Regular session trade volumes may be light, but that isn't stopping the bullish march higher. For those keeping track of such things, Wednesday's regular session E-Mini S&P 500 futures (Es) volume came in at an anemic 775,000 contracts. And intraday travel (the high to low range between 9:30 a.m. and 4:15 p.m.) came in at 10.5 handles. An overall slow and narrow-ranged session, but bullish nonetheless.
Before we get to Thursday's Es trade plan, I want to review an updated volume profile for gold futures. Despite the dire and often silly predictions that tend to accompany any discussion of gold and silver, I think the metals are starting to look a bit better. The price action around gold and silver tends to be herky-jerky and extremely emotional, but overall, we may see this group come back to life during the early part of 2015.
For the first time in several months, the price of gold is back above the 50-day simple moving average (SMA) and at the same time the Relative Strength Index (RSI) is back above the 50-center line. This could obviously reverse, as it did in mid-to-late August. But until such a reversal unfolds, I'd rather give buyers the benefit of the doubt. For now, I think a realistic upside resistance target is $1245 (highlighted in green on the chart above).
In my view, gold bugs can remain optimistic as long as price remains above the 20-day SMA. A close back beneath that moving average and I'd probably have one foot out the door. And as far as a line in the sand is concerned, I'd focus on that $1177-$1180 low volume area of rejection (marked in red on the chart above).
As far as Thursday's Es auction is concerned, our overall bias is expected to remain bullish as long as demand remains intact above 2067 composite value. Value migration above the low-2070s would keep the bulls moving toward their next major target of 2100.
A failed trade (on a 30-minute bar basis) from 2067 pushes us back into a balanced situation, where our focus would shift back toward fading the edges of near-term composite balance (roughly 2059 -- 2072). For now, we'll need to see a collapse beneath 2059.5 and session close beneath 2050 to begin considering more aggressively bearish scenarios (such as a slide back down toward the low-2020s).
- For those following IBM (IBM) on either an intraday or multi-day timeframe, please note the monstrous move in the stock price during the last hour of Wednesday's regular session. The stock managed to break out of its short-term triangle consolidation, and the downtrend line stretching back to Oct. 31. From a short timeframe perspective, this would probably be a fine stock for momentum traders to keep on their screens, as the 50-day simple moving average ($171-ish) appears to be a logical near term target. As far as a stop loss is concerned, I wouldn't want to see the stock close back under $161-$161.50.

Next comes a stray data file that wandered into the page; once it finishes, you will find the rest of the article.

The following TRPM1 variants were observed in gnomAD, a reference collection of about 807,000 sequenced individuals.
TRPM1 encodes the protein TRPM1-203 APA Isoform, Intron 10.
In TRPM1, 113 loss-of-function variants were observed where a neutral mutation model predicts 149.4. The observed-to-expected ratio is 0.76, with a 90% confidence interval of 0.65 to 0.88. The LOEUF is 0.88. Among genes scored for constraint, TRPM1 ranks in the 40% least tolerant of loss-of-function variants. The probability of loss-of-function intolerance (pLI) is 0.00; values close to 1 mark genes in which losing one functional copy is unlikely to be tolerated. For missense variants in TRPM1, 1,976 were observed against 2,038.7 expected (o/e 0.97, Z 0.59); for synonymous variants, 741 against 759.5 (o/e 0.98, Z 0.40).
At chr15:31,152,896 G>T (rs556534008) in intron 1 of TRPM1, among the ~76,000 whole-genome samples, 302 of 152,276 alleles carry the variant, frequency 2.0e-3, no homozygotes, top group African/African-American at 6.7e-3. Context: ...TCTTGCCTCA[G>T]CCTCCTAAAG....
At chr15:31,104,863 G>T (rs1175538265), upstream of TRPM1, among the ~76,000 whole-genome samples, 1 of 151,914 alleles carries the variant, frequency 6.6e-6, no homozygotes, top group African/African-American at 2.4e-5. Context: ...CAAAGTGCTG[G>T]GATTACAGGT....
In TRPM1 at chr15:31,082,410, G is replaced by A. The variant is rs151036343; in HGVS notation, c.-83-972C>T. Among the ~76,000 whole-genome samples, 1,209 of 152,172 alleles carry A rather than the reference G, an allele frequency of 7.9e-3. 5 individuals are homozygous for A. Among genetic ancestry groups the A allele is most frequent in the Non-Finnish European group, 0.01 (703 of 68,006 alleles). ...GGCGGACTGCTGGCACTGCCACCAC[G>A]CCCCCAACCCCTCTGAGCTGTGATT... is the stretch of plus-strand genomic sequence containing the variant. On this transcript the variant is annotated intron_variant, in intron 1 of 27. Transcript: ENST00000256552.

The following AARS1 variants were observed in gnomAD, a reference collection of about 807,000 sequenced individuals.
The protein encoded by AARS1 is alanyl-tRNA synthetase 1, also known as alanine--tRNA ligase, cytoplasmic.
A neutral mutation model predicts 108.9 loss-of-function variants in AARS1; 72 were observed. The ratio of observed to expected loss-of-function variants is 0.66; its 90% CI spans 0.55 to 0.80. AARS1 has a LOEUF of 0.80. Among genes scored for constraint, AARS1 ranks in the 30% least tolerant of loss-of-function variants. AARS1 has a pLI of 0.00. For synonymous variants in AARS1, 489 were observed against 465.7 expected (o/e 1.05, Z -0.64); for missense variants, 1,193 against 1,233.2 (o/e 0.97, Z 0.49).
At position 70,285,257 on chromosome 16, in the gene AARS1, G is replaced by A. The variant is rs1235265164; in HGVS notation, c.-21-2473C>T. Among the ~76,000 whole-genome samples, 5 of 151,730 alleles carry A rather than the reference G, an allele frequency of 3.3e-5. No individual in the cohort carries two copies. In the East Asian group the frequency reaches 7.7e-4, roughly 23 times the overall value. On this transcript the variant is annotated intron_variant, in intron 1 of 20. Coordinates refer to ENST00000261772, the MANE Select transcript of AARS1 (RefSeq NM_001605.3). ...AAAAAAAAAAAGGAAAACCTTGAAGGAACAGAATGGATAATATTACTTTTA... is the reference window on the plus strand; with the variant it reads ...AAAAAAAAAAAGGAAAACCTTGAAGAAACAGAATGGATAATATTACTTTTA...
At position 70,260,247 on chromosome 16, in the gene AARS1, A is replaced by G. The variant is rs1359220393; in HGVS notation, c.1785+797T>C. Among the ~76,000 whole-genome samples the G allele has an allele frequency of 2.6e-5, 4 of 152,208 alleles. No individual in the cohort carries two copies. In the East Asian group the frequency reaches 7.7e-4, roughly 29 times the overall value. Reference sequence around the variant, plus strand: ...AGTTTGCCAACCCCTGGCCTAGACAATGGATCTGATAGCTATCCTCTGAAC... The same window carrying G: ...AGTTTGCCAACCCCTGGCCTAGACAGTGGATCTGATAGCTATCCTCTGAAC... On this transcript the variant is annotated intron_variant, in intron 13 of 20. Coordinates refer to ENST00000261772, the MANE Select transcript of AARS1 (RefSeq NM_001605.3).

- The recent sell-off in energy stocks has traders and investors of varying timeframes scouring the patch for value, and while I believe several names are worth stalking (these were introduced in Monday's Trader Daily), I would implore everyone to proceed with caution. Be honest with yourself in regards to your risk tolerance, and realistic in determining your timeframe. If you have a short time horizon, and are generally uninterested in taking long shots, you probably have no business buying shares of any oil stock that's lost more than 30% to 50% of its value over the past couple months. If, however, your time horizon is measured in months or years and you're willing to endure a bumpy ride, then take the time to investigate some of the dividend-paying names listed in Monday's Trader Daily. If you've got the tolerance, look beyond the dividends and focus on higher production growth companies like Pioneer (PXD) and EOG Resources (EOG).
Any trading or volume profile related questions can be posted in the comments section below, emailed to me at email@example.com or posted to my twitter feed @ByrneRWS.